As part of my PhD research I have had to interact with way more statistical evaluation than ever before. Even though I would have to go through the occasional ANOVA et al. for my under- and postgrad degrees, I never really needed to internalise how and why statistical testing was actually done. It is one of those topics where when you are just starting out, you accept a few things as fact.
Just to be clear, I am far from understanding it all. I feel like that the more I'm learning about statistics the more it dawns on me how much further there is to go. That being said, I picked up a few bits that have helped me align my own understanding with a few of the basic rules.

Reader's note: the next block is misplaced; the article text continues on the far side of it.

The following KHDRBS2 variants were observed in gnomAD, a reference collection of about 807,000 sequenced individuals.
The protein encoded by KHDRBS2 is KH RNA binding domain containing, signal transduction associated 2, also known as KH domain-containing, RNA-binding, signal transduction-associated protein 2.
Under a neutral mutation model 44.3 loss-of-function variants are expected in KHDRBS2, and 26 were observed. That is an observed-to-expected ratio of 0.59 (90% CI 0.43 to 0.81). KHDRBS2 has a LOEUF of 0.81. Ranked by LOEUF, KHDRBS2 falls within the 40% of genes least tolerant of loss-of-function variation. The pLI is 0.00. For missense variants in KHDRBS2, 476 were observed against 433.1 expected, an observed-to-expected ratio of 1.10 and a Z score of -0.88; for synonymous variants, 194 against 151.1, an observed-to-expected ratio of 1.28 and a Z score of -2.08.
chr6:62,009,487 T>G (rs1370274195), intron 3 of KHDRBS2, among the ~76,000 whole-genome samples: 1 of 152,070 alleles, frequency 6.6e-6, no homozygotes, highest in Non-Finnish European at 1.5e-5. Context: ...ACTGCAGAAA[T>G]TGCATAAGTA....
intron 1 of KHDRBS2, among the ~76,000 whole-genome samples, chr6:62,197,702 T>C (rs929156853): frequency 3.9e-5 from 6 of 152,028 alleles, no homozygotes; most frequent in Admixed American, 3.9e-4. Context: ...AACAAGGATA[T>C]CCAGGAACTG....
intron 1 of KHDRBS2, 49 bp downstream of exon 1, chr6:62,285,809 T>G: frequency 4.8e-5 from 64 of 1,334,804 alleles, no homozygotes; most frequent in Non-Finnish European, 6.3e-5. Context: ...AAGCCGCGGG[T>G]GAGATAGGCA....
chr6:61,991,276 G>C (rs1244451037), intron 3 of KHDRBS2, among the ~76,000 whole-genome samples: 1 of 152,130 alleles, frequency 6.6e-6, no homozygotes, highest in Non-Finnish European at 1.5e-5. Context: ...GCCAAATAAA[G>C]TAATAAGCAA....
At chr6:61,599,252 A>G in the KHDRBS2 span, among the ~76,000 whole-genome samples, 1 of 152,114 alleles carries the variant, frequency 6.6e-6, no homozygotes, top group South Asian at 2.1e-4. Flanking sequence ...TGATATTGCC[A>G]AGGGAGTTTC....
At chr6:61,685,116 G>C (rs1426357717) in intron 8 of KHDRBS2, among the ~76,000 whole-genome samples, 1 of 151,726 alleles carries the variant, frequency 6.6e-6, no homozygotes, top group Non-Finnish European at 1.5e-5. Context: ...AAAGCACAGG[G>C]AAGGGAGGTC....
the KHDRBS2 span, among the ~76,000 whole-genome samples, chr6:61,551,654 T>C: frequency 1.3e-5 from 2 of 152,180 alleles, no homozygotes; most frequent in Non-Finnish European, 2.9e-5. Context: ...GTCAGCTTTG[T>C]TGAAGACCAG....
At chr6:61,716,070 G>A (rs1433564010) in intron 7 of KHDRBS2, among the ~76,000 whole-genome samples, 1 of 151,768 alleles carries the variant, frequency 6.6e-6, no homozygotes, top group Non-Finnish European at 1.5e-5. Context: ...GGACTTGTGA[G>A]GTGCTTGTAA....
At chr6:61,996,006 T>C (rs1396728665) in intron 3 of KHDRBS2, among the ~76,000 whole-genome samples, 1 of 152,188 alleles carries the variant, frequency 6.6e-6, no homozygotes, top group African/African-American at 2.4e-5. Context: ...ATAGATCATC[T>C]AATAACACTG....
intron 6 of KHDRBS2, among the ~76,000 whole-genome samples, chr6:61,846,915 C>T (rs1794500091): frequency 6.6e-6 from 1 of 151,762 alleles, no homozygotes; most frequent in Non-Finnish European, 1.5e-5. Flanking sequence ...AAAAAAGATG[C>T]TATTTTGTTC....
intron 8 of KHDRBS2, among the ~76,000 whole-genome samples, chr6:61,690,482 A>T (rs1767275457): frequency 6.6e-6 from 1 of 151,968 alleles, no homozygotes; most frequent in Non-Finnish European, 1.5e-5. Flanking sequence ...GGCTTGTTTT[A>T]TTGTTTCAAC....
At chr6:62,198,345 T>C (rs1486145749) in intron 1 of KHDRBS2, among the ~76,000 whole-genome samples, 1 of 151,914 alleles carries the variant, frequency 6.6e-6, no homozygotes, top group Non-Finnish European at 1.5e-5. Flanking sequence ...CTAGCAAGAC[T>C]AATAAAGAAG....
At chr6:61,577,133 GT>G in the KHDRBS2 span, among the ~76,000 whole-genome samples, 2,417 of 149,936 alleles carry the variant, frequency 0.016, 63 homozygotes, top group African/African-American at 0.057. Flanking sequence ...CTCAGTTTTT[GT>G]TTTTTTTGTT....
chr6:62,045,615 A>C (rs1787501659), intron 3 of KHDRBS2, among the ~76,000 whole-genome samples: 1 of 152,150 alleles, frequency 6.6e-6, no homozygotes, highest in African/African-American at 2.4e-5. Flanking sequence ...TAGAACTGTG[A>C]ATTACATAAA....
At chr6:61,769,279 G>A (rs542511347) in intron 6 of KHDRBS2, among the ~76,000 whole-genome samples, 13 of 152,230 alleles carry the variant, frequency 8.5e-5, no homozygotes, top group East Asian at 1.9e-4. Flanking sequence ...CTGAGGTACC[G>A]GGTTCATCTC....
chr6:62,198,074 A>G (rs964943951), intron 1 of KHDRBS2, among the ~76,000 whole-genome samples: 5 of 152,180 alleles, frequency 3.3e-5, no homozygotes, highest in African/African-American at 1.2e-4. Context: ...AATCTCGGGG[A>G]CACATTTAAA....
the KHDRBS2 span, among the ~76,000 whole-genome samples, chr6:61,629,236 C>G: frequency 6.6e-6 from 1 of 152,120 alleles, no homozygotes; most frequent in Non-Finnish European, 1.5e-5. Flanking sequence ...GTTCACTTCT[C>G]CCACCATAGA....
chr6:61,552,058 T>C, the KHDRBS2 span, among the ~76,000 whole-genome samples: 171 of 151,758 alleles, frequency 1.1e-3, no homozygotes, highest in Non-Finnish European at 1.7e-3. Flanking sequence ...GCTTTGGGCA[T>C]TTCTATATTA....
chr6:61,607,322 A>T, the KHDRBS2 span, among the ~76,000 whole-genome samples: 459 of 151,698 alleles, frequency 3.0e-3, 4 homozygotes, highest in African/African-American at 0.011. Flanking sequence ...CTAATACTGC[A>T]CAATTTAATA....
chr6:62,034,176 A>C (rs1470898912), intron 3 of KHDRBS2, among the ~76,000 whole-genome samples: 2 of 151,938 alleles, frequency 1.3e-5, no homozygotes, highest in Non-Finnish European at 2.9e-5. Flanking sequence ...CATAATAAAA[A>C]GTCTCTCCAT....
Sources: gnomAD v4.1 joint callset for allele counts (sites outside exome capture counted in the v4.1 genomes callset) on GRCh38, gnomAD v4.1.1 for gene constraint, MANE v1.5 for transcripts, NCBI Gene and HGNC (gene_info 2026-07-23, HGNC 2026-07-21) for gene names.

My biggest take away so far has been that there is never a 100% catch all test for every problem. Often the correct choice is to scan related literature for their reporting metrics or trying to find literature that relates to your core comparisons even if it does not match the exact topic.
I have also learned to question my results. More often than not, going further than simply checking a p<0.05 has helped me for the better. Understanding and exploring how and why those relationships occur and what they mean has been a big help in comprehending my own research.
Especially my discovery of reporting effect sizes has been eye opening. It is super interesting to see my own results transform completely just because I pay attention to the different magnitudes apart from just equalling them on terms of significance.